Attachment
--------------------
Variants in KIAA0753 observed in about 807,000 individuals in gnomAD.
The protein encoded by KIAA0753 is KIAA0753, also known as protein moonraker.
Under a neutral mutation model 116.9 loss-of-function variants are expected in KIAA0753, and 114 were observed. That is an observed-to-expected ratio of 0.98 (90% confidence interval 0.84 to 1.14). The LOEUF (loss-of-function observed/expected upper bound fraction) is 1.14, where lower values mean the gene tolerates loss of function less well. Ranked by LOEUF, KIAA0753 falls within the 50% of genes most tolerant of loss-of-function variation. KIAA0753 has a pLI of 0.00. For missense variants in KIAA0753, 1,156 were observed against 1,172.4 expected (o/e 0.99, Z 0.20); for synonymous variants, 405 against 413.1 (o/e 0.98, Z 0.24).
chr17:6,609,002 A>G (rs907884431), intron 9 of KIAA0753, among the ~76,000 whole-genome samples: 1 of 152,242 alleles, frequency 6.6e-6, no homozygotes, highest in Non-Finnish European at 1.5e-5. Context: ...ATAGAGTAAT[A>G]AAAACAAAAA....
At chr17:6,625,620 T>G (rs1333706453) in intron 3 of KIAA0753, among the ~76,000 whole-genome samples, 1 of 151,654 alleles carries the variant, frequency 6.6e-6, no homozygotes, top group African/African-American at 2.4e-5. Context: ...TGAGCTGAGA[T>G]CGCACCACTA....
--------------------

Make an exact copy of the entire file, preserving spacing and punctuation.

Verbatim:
Variants in KIAA0753 observed in about 807,000 individuals in gnomAD.
The protein encoded by KIAA0753 is KIAA0753, also known as protein moonraker.
Under a neutral mutation model 116.9 loss-of-function variants are expected in KIAA0753, and 114 were observed. That is an observed-to-expected ratio of 0.98 (90% confidence interval 0.84 to 1.14). The LOEUF (loss-of-function observed/expected upper bound fraction) is 1.14, where lower values mean the gene tolerates loss of function less well. Ranked by LOEUF, KIAA0753 falls within the 50% of genes most tolerant of loss-of-function variation. KIAA0753 has a pLI of 0.00. For missense variants in KIAA0753, 1,156 were observed against 1,172.4 expected (o/e 0.99, Z 0.20); for synonymous variants, 405 against 413.1 (o/e 0.98, Z 0.24).
chr17:6,609,002 A>G (rs907884431), intron 9 of KIAA0753, among the ~76,000 whole-genome samples: 1 of 152,242 alleles, frequency 6.6e-6, no homozygotes, highest in Non-Finnish European at 1.5e-5. Context: ...ATAGAGTAAT[A>G]AAAACAAAAA....
At chr17:6,625,620 T>G (rs1333706453) in intron 3 of KIAA0753, among the ~76,000 whole-genome samples, 1 of 151,654 alleles carries the variant, frequency 6.6e-6, no homozygotes, top group African/African-American at 2.4e-5. Context: ...TGAGCTGAGA[T>G]CGCACCACTA....